I remember once I got over the early newborn days of wondering, ‘what next?’ I had up until this point only considered how to keep the baby alive, my next big step was to consider how I actually wanted to….PARENT?
Growing up, I remember looking around me at all sorts of parents. I thought parenting looked stressful and hard work. Parents seemed constantly disappointed and worried about their children. There were arguments over food and not being smart enough. There was cajoling of kids to be braver, quicker and faster than they might actually be. There was disappointed looks, emotional black-mail and physical reprimands. I did not consider myself cut out for this. Now I’m a parent I totally understand all of these parents and their struggles, but I needed some sort of road map for how I would tackle these challenges.
Having always been the shortest in my class and the youngest person in my family I grew up with very little sense of my own authority. When I started work I was continuously mistaken for being five years younger than I actually was. I was always ID’d for booze and at the age of 34 with two kids I was asked for ID whilst buying some wine just the other day!
The advent of this motherhood stuff was going to be a fast learning curve to developing my own ‘voice of authority’.
So, as my daughter grew up, she moved from accidentally being annoying (because she was newborn and had no sense of cause or effect or what ‘naughty’ even consisted of), to sometimes actually being annoying and naughty. I needed some framework in which I was going to tackle this. Was I the sort of mother to smack? Was I going to ignore bad behaviour? Was I going to bribe? Oh God, I had no idea. I guessed the best was to work through the list and see what worked.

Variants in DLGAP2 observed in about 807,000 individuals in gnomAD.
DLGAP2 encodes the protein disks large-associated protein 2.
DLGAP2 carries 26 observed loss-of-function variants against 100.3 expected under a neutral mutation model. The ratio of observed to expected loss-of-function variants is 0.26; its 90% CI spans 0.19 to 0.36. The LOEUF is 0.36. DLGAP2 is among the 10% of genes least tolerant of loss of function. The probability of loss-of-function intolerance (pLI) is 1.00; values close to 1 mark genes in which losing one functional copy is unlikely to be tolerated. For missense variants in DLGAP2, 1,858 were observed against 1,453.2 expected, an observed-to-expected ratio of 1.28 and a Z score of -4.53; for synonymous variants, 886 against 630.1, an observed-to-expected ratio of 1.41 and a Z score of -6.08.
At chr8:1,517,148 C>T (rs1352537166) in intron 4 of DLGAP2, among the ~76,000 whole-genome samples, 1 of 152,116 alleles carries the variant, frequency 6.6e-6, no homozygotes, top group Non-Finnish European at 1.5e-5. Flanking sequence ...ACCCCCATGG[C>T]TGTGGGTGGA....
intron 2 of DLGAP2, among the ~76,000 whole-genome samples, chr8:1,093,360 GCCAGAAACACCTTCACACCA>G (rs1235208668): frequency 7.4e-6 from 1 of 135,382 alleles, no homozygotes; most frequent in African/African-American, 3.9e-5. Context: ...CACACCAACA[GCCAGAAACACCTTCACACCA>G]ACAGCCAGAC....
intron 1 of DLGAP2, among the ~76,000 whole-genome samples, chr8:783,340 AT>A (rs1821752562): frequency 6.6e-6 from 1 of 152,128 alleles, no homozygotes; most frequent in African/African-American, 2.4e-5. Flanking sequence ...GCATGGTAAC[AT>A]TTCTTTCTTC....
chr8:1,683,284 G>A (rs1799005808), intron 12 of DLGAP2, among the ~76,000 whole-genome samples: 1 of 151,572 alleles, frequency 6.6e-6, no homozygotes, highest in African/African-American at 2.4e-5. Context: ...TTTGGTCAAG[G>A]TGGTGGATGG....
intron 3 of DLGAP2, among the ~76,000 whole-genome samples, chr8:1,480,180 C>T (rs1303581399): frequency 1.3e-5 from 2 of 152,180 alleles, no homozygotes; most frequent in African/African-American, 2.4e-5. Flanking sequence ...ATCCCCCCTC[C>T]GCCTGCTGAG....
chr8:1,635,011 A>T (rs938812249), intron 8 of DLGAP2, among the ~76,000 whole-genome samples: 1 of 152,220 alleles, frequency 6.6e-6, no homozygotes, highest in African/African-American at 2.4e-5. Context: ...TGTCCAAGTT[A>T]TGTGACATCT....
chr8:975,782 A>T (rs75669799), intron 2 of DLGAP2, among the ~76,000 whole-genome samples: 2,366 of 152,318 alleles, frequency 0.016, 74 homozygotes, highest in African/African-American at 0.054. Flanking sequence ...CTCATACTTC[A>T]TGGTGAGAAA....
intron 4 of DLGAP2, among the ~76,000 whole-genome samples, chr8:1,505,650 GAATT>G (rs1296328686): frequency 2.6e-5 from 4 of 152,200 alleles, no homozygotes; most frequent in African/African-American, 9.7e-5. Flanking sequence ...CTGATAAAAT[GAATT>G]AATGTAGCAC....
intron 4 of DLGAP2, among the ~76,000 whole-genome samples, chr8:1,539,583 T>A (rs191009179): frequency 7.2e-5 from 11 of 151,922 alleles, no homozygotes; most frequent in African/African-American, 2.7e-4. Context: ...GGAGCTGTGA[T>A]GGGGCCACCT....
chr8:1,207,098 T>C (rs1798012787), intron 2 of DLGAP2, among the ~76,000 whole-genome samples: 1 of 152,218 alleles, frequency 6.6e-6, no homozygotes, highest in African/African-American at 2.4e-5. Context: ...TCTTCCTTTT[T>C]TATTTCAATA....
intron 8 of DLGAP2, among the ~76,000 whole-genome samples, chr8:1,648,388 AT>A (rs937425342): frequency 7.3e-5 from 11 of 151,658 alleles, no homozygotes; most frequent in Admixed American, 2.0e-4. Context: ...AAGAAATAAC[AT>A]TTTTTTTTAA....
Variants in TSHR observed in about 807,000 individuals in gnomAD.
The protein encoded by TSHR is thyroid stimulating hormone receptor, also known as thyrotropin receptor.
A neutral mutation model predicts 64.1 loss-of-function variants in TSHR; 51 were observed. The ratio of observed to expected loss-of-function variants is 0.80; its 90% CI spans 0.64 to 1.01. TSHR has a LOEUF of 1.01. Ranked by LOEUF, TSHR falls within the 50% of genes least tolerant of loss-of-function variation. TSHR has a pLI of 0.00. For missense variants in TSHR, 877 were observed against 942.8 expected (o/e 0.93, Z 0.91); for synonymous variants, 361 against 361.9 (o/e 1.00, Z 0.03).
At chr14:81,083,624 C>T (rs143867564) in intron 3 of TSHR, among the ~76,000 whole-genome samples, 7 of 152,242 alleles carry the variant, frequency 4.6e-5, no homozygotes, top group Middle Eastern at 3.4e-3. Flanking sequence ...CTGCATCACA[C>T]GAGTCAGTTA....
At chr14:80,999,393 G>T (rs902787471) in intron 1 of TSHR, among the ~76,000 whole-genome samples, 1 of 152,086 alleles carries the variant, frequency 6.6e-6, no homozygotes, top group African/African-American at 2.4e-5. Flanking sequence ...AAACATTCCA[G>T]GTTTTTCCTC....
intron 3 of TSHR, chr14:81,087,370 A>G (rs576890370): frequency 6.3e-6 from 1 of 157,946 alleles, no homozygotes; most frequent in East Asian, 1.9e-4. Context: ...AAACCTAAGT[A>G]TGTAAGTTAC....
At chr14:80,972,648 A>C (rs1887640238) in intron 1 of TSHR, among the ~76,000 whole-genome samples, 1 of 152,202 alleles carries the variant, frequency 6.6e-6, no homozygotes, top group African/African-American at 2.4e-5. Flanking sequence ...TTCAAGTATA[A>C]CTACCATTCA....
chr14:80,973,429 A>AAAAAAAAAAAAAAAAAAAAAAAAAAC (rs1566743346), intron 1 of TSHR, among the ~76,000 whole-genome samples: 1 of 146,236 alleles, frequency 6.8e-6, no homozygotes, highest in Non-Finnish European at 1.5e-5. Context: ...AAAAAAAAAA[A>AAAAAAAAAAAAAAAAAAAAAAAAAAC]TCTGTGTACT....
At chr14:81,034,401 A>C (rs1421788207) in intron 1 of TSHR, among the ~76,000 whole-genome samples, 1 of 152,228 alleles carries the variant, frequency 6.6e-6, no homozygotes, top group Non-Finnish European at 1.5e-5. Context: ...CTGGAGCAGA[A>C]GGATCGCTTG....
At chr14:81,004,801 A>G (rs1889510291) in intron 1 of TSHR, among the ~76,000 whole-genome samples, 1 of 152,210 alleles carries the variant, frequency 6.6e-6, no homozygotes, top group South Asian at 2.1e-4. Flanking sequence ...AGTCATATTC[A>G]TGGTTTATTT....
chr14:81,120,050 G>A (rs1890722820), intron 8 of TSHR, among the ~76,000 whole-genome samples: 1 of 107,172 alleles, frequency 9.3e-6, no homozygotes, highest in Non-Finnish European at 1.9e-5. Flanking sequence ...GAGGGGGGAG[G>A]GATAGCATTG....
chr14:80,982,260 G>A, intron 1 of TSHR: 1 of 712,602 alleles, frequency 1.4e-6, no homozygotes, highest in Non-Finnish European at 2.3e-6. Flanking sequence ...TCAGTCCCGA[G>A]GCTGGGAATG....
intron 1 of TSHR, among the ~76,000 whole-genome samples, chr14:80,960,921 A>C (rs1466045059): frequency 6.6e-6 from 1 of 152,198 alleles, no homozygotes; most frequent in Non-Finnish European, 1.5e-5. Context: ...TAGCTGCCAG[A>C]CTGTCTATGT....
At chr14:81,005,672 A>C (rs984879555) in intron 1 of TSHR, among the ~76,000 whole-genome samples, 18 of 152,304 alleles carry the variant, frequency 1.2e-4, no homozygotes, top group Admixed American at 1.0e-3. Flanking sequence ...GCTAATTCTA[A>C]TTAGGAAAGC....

So I tried smacking her hand one day when she peed on our bed and laughed in my face. I smacked her soft little toddler hand and we both stopped and stared at each other in shock. Immediately we cried. It was an utter failure of parenting.
I ignored bad behaviour and found my house in ruins with satsumas squished into the sofa and poo on the carpet.
I bribed endlessly with chocolate and sugar-free snacks. She always ate them way too quickly and I never had enough and eventually she became a stubborn mule refusing to go anywhere without the metaphorical carrot of Organix snack bars.
And then one day whilst I was once again wondering the impact of my parenting style on this innocent little creature I realised I needed to find someone to emulate. Someone who whenever I was in a parenting crisis I would call upon for answers and guidance. I guess some people have parenting gurus like they see on TV, or parents or aunts. I knew immediately who I wanted as my role model. I wanted Oprah. This might be a strange choice. She’s never done a parenting programme or written a book on parenting – and that’s because she’s never raised any children! But she was perfect partly because I had never met her and she hadn’t been involved in my upbringing and so she could be the ‘perfect’ image of parenting that i was looking for. I could imagine that she would know exactly how to deal with any situation and she would do so with an air of authority that I was otherwise lacking. It was perfect. I could layer upon Oprah everything that I thought were ‘ideal’ parenting traits…
Oprah wouldn’t live a life of constant battles, of being disillusion and disappointed on a loop. She’d take control of the situation and build of family of love and direction.
Oprah wouldn’t take any shit. She’s be damn assertive. She’d have high standards and high morals. But at the same time she’d be loving, generous and kind.
Oprah would raise confident, resilient and articulate children.
Oprah would work with a child’s abilities, never asking more of them than they could give but asking them to be ‘their best self’. THAT’S what I wanted for my family.
Honestly, from the moment I realised I wanted to parent like Oprah I haven’t had to question how to parent. I just channel my thoughts to my inner Oprah and make a decision based on how this kind and non-judgemental human would behave. I know that sounds mad; a white, British, middle class Mum from Surrey channelling her inner black American, billion-dollar talk show host. But it works. It still works. I’m mad and I’m happier for it.
I still have some days where parenting is hard but that’s because I have to be a million places at once and sacrifice quite a bit. But in terms of disciplining my kids and raising happy and confident children, I have a compass; Oprah.
Do you have a role model you try to emulate? Is it a mixture of a few people? I’d be so interested to hear if anyone else channels an inner diva in order to parent more effectively.